Would you Madam and Eve it? A Trans Woman’s Struggle With Faith

Or Pinky and Perky fight back.

Fiona Evangeline Leigh
Prism & Pen
6 min readAug 27, 2023


Partying on Anal Street, Manchester, July 2023.

It’s funny how I noticed it.

I have a navy nightdress, flecked with tiny white stars, that I got in Dunne’s Stores for 6 euros. Goddess only knows how or when it ripped at the right breast. For the last few weeks, I’ve been lollygagging around the house with my right ta-ta sticking out. I’m like the world’s laziest Amazon. Sometimes you get what you pay for. Perhaps the cheap material had met a spin cycle too many. Or maybe it was just appalled by its own quaintness.

Or maybe it was a sudden growth spurt?

Whatever the case, I just happened to look down at my chest.

Wait there now a dang second.

I stood in the center of the living room studying the white breast that jutted through the rent in the fabric.

Sweet Mary of Magdala, when did this happen?

I’d grown a breast size overnight!

I turned the main light on and took to the mirror. I took exploratory selfies of my chest. My mind struggled with the geometry of my tits. I stuck ’em out this way and that. Yeah, there was no doubting it. I had a license to wear a bra now and the girls were standing to attention, the left one Pinky, the other Perky.

Like mushrooms growing overnight, they were.

Would you Madam and Eve it?

I was convinced my transition had plateaued. That my meds had their work cut out for them against 40-plus years of testosterone running amok through my system. I’d long since accepted that I’d only ever have pygmy boobs. That’s the lot of a trans-lady of a certain vintage after all. And I was okay with that. If having breasts is that important, go get them augmented.

In the very early days of my transition, almost choking on a primordial fug, I’d have visualized such an instance as completely and utterly life-changing. I’d take a guy’s eyes out with the firmness of my knockers. I’d turn sidewalks into carnivals by walking down them.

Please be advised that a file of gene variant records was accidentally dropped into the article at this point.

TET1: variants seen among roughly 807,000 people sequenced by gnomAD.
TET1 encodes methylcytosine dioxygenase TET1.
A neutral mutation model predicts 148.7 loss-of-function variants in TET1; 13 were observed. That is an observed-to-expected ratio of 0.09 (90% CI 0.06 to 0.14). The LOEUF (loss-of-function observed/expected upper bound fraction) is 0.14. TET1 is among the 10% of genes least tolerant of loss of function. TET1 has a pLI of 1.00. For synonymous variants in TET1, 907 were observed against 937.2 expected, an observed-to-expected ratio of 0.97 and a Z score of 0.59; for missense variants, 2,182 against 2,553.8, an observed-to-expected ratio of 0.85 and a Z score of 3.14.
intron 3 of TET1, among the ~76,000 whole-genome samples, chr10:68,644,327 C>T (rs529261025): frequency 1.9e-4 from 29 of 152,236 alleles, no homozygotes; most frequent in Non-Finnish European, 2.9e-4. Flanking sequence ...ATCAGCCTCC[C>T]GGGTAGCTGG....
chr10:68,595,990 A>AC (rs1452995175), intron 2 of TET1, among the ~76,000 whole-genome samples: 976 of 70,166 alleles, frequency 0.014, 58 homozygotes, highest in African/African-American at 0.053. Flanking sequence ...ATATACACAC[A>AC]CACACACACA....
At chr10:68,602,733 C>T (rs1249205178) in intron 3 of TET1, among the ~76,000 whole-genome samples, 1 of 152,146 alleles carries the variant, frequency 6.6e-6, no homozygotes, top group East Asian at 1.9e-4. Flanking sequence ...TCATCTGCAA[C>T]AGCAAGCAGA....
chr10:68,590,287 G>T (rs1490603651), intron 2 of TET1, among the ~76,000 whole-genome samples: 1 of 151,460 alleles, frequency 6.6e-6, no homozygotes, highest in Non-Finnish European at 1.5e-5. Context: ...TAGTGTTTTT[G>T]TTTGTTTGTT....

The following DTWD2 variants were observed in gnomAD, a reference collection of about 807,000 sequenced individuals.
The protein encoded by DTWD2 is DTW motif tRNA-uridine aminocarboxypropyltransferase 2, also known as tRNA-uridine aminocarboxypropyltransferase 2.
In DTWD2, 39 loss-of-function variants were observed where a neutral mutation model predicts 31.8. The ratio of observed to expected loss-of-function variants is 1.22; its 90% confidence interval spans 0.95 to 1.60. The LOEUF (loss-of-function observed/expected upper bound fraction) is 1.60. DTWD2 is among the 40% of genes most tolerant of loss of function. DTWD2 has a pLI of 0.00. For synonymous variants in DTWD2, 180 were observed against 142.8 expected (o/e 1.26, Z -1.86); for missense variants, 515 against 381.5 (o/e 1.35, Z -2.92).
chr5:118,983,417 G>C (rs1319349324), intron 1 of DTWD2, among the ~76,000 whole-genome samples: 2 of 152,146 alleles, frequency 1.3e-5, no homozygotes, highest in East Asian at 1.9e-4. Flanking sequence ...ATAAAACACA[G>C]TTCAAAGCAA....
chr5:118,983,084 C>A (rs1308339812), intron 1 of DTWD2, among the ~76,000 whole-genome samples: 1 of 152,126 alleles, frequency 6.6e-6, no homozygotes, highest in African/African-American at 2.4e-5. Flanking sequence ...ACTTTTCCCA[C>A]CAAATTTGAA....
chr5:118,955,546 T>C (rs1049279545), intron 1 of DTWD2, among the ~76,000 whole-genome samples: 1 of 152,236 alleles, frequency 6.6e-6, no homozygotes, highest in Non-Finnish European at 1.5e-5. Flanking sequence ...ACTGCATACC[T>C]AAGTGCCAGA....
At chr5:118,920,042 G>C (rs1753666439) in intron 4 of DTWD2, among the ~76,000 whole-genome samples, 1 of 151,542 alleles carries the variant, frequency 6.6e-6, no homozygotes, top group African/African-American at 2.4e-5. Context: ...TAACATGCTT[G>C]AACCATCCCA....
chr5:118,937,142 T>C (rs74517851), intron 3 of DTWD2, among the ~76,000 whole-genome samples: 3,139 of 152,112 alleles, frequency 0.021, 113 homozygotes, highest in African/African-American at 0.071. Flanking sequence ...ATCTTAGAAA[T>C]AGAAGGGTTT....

Laura from Linc and I at the Pride 2023 Parade.

What struck me that silent, velvety evening was how natural it all was.

I regarded my discovery with delight, don’t get me wrong, but my reaction to them was mature and considered. It felt good to see the physical manifestation of my unwavering diligence. I may doubt the fact I exist at all, but come hell or high water the pills would be taken, and estrogen sprayed on my skin.

Only the angel of death could mess with that ritual. It’s faith in its purest form. You can’t fuck about with ritual.

I’m a self-made woman, my own midwife, patiently encouraging what was always in there to come out. I am living proof that we all share traits of both sexes. The process is cumulative, a slow-acting profundity. The night lit up with a shouted Ariba from my good self with a celebratory jiggle of my new sternal buds.

This must be a game-changer, I thought. How does this challenge my perception of who I am?

It can be a humdrum affair to be trans. There is the constant, nagging feeling one isn’t measuring up and never will.